The classical style known as Federal style is very much influenced by English architecture. That tradition, still powerful at that time in the new United States, suggests a certain cultural continuity with the mother country, so that the revolution, while it was a political break, still did not break the cultural ties with Europe and with the ancient past. This was especially reassuring for members of the social elite, who did not want to have a revolution that was going to be too radical, and wanted some sense of stability.

But the classical tradition also expresses the idea of personal, individual refinement too. This is an unusual building, the Octagon House, because it has this classical decorative style. Most buildings in Washington, D.C. were still one-story wood frame buildings that were not decorated in any kind of cosmopolitan, fashionable way. They were regarded as being rather crude. Buildings such as the Octagon House suggested that America was still part of a transatlantic community, that it was succeeding European countries and would still have a certain cultural respectability within an international community.

Q: How do the differences between the intentions of the artist versus the perspective of the viewer affect an art historian's examination of an item?

Bjelajac: Interpretation has always been a problem for art historians. Many art historians used to say that the true meaning of a work of art is what the author intended. But art historians have gotten away from that sort of unitary idea of meaning in recent decades, and art historians are much more sensitive to the fact that the meaning of a work of art has not only to do with authorial intention, but also how others — beholders of the work — respond to and interpret the work of art. After all, a work of art does not exist in isolation. To be a work of art it has to have an audience. Different beholders or patrons bring a different set of experiences and expectations to each piece of art. Often, an artist will become frustrated and perhaps will say, "that's not what I meant at all." But is that an incorrect interpretation? Not necessarily. I think to say that "a work of art is determined solely by the author" is a rather authoritarian way to look at a work of art. A work of art has multiple meanings that change over time.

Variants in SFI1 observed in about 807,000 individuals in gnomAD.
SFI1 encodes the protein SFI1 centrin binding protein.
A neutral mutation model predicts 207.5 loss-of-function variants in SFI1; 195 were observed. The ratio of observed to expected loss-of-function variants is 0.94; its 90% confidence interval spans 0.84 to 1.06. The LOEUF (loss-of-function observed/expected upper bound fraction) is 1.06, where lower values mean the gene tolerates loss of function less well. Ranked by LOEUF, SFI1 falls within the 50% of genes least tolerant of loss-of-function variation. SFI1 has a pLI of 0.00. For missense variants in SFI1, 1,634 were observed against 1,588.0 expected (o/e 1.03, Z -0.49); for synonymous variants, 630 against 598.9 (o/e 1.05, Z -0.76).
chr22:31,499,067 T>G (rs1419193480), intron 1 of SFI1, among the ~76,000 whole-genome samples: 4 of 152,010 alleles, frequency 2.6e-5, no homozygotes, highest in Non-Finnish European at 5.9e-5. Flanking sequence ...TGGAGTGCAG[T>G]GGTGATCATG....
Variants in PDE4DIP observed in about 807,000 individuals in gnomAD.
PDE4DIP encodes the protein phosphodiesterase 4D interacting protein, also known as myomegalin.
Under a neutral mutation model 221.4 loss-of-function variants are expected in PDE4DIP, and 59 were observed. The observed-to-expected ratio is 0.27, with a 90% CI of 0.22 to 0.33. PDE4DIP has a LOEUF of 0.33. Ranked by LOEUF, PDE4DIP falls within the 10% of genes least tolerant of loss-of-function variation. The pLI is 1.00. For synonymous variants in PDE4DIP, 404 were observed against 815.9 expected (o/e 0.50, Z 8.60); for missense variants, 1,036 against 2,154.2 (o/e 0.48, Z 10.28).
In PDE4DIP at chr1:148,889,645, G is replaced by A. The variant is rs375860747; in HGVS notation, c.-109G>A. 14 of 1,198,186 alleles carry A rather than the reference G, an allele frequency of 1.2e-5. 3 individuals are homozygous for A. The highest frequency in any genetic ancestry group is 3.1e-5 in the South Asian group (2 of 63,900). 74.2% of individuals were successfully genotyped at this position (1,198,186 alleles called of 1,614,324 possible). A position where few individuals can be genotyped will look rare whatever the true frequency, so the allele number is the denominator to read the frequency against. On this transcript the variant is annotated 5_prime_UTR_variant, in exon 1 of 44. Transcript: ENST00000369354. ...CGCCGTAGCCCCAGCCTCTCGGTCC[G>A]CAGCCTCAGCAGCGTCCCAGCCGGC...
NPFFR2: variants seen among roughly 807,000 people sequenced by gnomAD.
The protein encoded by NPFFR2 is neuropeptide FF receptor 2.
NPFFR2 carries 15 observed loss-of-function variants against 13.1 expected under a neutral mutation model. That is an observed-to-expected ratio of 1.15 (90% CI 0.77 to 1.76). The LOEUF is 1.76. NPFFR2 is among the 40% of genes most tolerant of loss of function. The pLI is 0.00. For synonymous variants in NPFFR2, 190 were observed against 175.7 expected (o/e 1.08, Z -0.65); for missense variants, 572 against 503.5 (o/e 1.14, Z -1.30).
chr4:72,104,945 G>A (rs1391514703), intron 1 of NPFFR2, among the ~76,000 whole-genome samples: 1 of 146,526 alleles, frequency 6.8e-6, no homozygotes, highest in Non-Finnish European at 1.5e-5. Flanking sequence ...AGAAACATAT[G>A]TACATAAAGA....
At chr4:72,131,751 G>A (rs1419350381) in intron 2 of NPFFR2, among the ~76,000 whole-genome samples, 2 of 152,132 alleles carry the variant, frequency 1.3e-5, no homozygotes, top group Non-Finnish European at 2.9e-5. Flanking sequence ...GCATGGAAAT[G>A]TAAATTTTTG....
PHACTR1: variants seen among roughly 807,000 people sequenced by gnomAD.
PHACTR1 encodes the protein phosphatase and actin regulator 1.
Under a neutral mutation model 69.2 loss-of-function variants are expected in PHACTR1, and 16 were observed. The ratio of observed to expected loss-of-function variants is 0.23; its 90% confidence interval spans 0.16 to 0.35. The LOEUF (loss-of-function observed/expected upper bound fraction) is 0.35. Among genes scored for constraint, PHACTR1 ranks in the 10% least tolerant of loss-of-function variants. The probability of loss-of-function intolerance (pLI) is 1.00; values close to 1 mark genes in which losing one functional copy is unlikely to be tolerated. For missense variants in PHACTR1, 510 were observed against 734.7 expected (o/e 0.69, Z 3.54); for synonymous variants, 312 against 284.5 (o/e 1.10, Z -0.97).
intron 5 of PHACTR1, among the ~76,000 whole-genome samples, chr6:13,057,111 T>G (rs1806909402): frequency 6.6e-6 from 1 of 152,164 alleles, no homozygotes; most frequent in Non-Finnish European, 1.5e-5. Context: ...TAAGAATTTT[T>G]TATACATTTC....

Q: As an art historian, are you more concerned with the intentions of the creator or the meanings that the audience derives from the piece?

Bjelajac: I try to consider both. I don't dismiss the author's intention; I think it's important. On the other hand, I am very, very interested in reading critical reviews of a work; finding out how people assimilated the work, how they talked about it, what kinds of words they used to express their response if they were written down in any fashion.